From The New York Times:
Erwin Frankel, a radio host and concert promoter who broadened the American cultural palette by introducing audiences to Andean pan flute music, the whirling dervishes of Turkey, and the notion of belly dancing as an art form fit for Carnegie Hall, died on Feb. 18 in New York City. He was 76.
The cause was complications of a series of strokes, his son Gideon said.
Mr. Frankel, who became an impresario of “world music” decades before the term was coined, had his widest audience as a prophet of musical eclecticism when he was the host of a one-hour nightly show on WABC-FM, “Music From Around the World,” which was broadcast from 1959 to 1972.
The program became a showcase for performers who played ouds, doumbeks and kalumbus; sang native Portuguese ballads known as fado, or played any kind of folk music that his audience had never heard, including Creole zydeco, then relatively unknown outside Louisiana. Most often, the musical selections came from Mr. Frankel’s personal collection of more than 9,000 LP records.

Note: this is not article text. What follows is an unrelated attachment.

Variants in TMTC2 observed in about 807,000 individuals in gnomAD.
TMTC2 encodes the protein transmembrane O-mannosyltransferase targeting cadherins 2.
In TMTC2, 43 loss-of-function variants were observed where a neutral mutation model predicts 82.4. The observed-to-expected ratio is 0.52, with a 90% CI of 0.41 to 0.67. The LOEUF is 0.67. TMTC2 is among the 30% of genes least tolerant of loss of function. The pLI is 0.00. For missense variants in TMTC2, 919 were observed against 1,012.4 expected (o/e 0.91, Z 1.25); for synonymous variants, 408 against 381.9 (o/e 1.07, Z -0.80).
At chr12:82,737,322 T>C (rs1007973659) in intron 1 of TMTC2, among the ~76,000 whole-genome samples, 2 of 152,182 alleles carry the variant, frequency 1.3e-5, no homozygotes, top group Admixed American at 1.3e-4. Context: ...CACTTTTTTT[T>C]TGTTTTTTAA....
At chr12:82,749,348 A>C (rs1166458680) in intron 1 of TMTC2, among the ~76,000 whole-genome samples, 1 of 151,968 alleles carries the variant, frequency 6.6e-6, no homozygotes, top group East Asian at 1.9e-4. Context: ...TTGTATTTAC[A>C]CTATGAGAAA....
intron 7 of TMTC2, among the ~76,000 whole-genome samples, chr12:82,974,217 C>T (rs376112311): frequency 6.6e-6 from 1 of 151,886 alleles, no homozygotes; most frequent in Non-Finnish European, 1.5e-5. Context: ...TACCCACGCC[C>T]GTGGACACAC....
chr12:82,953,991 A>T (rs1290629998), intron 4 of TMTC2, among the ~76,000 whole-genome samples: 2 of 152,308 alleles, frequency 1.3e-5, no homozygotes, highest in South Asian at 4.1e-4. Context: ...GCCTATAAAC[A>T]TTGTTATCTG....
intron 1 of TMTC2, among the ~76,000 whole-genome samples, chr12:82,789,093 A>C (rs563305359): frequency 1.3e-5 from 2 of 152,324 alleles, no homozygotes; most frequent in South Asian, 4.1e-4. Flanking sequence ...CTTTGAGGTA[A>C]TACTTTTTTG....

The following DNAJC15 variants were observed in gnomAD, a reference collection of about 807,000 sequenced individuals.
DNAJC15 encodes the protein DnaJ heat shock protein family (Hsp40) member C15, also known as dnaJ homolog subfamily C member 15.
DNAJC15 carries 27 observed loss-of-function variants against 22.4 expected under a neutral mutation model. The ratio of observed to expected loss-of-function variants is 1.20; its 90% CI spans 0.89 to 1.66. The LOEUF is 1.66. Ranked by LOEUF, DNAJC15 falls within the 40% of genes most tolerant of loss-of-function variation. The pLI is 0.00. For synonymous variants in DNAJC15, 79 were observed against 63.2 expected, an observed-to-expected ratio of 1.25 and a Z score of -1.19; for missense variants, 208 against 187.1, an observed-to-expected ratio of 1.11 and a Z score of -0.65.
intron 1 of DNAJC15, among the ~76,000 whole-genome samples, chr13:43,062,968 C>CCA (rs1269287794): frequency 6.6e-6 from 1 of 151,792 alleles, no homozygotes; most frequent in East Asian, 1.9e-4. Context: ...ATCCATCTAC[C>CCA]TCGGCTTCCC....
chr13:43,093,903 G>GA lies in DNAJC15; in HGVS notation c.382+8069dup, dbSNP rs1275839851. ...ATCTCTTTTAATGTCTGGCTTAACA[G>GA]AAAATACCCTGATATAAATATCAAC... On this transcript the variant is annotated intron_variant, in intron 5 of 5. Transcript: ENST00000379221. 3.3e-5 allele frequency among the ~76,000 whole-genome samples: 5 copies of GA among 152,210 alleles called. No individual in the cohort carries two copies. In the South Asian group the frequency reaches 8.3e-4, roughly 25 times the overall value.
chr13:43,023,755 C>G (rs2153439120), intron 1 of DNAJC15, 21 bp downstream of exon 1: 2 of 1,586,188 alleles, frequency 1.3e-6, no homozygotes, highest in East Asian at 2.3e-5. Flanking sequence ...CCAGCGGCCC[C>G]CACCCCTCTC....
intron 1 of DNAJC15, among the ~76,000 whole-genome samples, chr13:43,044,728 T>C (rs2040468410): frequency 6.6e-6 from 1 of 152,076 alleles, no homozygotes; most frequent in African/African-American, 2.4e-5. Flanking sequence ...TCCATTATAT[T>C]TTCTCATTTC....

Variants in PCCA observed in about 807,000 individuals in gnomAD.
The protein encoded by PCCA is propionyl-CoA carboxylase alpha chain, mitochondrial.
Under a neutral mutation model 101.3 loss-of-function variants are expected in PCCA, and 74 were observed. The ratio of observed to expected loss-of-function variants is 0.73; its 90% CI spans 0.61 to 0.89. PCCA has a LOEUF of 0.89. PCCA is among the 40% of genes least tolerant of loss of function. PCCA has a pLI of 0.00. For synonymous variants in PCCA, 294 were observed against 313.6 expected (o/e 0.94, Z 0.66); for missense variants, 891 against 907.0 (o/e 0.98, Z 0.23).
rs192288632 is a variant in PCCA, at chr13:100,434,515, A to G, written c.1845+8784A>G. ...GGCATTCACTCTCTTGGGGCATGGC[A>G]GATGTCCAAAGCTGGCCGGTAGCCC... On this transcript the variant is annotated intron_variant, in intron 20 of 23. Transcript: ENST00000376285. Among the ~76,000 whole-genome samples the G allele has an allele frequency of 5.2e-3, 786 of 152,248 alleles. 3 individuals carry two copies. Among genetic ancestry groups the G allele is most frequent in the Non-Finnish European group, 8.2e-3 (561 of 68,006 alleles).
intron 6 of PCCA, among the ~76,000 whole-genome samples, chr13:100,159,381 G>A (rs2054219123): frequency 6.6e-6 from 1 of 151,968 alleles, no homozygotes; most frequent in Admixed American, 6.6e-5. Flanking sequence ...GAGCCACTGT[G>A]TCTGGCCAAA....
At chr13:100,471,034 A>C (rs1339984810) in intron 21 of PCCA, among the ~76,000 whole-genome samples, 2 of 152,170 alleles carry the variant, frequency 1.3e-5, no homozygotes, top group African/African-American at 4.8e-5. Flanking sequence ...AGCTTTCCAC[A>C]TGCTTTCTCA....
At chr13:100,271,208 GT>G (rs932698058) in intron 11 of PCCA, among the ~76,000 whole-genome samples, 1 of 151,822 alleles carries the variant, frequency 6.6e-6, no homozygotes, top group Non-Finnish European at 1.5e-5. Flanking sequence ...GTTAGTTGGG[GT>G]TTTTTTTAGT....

Mr. Frankel, who began booking and promoting concerts in the 1950s, devoted himself to the business full time after his radio show was canceled. He booked prominent American performers like Dizzy Gillespie, Pete Seeger and Arlo Guthrie but was mostly noted for producing concerts at Town Hall and Lincoln Center for international stars who were less known in the United States.
Continue reading the rest of the story on The New York Times